Opposition is higher among women (50%), those under 55, and those earning less than $100,000 per annum.
The majority of Coalition voters back this move (57%), but only 29% of Labor voters and 22% of Greens voters support this change.
Tax concessions for small business
There is overwhelming support for the package of tax concessions for small business that was put forward in the Federal Budget; 81% support this, and 11% oppose.
Support is higher outside of capital cities (84%), among those aged 25 or over, and those earning over $100,000 per annum (86%).
The majority of voters for all political parties back this package of changes for small business; 93% among Coalition voters, 75% among Labor voters and 65% among Greens voters.
One in five (22%) say they will personally make use of the small business tax concessions; 71% say they would not. This rises to 27% among the highest earners (over $100,000 per annum).
Fieldwork dates: 14-16 May 2015
Sample size: 1,403 respondents
Sample: National, aged 18+. 31% of sample comprised mobile phone numbers.
Method: Telephone, using random digit dialling.
Statistical reliability: ±2.6% is the maximum margin of sampling error that might apply to this sample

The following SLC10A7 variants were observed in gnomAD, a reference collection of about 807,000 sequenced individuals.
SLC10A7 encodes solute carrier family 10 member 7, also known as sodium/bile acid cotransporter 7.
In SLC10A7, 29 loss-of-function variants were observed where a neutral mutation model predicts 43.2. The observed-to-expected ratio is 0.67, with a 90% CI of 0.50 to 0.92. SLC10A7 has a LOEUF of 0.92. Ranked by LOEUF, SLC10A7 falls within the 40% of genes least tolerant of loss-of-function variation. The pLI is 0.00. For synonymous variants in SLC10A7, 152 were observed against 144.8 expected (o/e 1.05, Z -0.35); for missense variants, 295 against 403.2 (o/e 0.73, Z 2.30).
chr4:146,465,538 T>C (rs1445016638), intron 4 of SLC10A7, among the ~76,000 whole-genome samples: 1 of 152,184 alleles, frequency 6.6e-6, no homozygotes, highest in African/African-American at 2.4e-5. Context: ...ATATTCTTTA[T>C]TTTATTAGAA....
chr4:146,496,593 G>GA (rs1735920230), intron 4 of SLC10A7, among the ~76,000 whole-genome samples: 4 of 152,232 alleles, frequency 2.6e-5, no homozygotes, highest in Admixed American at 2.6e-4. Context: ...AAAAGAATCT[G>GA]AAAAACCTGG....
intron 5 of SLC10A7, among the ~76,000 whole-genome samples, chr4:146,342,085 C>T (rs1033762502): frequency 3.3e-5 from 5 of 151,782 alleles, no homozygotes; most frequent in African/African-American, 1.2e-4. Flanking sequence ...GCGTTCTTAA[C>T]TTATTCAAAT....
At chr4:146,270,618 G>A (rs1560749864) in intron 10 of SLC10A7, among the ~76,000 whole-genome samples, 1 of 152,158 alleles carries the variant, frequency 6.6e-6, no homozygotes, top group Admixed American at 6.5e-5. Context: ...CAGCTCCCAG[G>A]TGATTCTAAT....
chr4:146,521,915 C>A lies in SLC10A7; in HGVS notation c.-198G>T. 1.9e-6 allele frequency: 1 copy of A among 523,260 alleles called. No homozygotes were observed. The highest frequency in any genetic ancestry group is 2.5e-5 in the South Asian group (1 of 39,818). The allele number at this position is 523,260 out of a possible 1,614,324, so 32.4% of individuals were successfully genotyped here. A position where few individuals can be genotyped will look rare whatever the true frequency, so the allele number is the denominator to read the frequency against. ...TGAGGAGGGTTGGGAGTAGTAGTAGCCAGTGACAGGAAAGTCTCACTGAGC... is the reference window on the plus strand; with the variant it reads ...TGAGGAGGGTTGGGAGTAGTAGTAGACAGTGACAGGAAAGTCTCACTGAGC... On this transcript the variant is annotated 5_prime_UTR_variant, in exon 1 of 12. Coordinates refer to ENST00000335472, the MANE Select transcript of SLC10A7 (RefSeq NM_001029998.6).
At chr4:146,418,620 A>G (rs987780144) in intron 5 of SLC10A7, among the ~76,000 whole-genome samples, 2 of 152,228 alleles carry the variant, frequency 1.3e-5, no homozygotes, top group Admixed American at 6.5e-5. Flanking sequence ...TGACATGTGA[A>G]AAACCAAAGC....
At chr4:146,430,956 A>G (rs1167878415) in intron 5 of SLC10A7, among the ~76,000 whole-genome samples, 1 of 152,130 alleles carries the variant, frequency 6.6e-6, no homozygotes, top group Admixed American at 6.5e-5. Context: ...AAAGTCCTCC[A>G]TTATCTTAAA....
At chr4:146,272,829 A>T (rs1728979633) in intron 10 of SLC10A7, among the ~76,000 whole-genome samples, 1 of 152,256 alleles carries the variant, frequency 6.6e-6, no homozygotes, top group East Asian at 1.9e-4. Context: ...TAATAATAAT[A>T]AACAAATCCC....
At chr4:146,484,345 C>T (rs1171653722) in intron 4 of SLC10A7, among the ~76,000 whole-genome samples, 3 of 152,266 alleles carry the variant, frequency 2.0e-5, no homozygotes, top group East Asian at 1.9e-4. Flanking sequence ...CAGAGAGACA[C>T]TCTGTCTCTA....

Analysis: The data has been weighted by age, gender and location (metro/non-metro) to reflect the population distribution.
Fairfax Ipsos National Poll Methodology
The Fairfax Ipsos National Poll interviews members of the general public by telephone using a CATI (Computer Assisted Telephone Interviewing) methodology. We use telephone numbers that have been randomly generated, and interview a representative sample of members of the public, using quotas based on Australian Bureau of Statistics population data. We interview our respondents on both landline numbers (approximately 70% of the total) and mobile numbers (approximately 30% of the total.)
The Fairfax Ipsos National Poll takes place once a month, with interviewing between Thursday and Saturday. This yields a nationally representative sample of 1,400 responses from Australians aged 18 years and over. The results are weighted to reflect the total population using Australian Bureau of Statistics data.
The Federal voting intention, satisfaction with the Federal Leaders and preferred PM questions are asked regularly each month, with other additional questions of topical interest.
Ipsos complies with all aspects of the Australian Privacy Principles, with all ESOMAR and Association of Market and Social Research Organisation guidelines, and we are accredited to the ISO 20252 Market and Social Research Standard. All Ipsos executives are members of the Australian Market and Social Research Society.